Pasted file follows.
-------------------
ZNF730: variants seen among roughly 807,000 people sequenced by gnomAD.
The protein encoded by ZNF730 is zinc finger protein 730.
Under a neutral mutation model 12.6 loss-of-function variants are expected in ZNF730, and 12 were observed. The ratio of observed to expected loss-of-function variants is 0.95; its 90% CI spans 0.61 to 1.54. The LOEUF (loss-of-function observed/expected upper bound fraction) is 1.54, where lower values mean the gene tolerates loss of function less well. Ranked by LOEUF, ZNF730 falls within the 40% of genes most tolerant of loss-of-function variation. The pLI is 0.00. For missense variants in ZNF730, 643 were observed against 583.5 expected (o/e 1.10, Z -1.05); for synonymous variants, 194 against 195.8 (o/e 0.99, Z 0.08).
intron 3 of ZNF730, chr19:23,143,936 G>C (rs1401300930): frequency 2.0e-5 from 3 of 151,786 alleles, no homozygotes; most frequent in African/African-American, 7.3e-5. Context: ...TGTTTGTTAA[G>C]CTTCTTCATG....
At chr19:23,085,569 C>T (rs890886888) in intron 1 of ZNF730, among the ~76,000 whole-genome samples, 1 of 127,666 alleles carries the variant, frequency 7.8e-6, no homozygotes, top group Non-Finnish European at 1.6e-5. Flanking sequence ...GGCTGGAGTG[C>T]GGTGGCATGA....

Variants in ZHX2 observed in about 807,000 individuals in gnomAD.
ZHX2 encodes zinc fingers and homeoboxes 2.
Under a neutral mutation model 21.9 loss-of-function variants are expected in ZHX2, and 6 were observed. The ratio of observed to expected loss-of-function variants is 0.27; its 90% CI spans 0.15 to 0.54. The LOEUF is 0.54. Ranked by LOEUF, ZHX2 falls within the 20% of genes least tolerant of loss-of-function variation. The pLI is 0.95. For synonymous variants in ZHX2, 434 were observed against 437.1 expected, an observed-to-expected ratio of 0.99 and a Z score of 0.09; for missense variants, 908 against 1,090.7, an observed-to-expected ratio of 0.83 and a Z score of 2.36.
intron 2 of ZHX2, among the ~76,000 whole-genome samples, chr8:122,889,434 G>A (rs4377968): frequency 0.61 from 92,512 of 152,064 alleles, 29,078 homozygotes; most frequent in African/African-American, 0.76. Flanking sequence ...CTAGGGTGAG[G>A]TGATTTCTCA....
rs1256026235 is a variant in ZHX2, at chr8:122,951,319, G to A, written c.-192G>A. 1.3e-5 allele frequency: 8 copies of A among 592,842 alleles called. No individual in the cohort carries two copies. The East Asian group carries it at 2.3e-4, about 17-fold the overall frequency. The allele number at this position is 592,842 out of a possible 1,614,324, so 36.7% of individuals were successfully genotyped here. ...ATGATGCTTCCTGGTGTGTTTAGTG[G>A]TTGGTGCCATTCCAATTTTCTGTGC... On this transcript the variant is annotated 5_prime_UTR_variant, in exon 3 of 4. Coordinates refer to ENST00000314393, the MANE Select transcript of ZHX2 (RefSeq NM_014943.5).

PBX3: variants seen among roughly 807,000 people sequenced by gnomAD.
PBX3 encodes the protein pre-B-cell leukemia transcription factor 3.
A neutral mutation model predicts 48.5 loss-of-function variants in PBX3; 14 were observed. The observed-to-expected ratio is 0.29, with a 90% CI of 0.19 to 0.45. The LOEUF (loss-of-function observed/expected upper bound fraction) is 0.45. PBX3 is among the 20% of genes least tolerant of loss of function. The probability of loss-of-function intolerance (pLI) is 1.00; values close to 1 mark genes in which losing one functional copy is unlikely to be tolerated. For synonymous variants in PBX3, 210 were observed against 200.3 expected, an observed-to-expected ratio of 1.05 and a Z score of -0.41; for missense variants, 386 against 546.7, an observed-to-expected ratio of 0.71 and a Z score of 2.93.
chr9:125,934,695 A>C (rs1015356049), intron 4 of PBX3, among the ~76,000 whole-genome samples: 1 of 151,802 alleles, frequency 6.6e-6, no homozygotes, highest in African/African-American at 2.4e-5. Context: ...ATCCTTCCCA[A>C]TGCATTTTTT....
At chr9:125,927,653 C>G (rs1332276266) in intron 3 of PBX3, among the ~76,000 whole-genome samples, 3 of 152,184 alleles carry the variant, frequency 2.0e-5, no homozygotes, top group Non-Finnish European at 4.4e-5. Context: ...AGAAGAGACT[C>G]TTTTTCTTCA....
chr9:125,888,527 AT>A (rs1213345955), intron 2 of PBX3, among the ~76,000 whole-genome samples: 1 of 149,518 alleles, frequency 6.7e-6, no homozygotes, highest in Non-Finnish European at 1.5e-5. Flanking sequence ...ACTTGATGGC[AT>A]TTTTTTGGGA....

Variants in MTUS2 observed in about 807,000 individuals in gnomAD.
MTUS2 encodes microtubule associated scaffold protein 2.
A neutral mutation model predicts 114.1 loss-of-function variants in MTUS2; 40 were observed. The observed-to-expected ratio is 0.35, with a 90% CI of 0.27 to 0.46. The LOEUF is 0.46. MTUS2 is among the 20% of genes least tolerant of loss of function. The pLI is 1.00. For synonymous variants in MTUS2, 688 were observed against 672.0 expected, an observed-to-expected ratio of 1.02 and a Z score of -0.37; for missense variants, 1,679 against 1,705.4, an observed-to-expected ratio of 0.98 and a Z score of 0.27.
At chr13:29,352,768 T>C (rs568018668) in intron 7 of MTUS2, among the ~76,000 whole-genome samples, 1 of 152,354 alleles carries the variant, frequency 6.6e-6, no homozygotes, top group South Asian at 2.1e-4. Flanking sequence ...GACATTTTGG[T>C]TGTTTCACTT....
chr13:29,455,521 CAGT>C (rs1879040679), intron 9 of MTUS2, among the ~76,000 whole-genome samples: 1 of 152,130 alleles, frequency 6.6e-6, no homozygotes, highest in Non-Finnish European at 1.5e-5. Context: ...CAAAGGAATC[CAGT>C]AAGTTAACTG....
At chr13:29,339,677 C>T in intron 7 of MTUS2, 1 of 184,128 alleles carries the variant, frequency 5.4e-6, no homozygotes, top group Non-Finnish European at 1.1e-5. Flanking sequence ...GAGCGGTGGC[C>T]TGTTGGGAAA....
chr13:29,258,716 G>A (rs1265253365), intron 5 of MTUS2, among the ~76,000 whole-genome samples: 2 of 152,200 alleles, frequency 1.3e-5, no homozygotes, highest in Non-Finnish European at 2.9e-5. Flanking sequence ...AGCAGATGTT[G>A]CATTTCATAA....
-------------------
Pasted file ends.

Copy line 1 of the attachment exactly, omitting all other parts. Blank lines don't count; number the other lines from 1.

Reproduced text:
ZNF730: variants seen among roughly 807,000 people sequenced by gnomAD.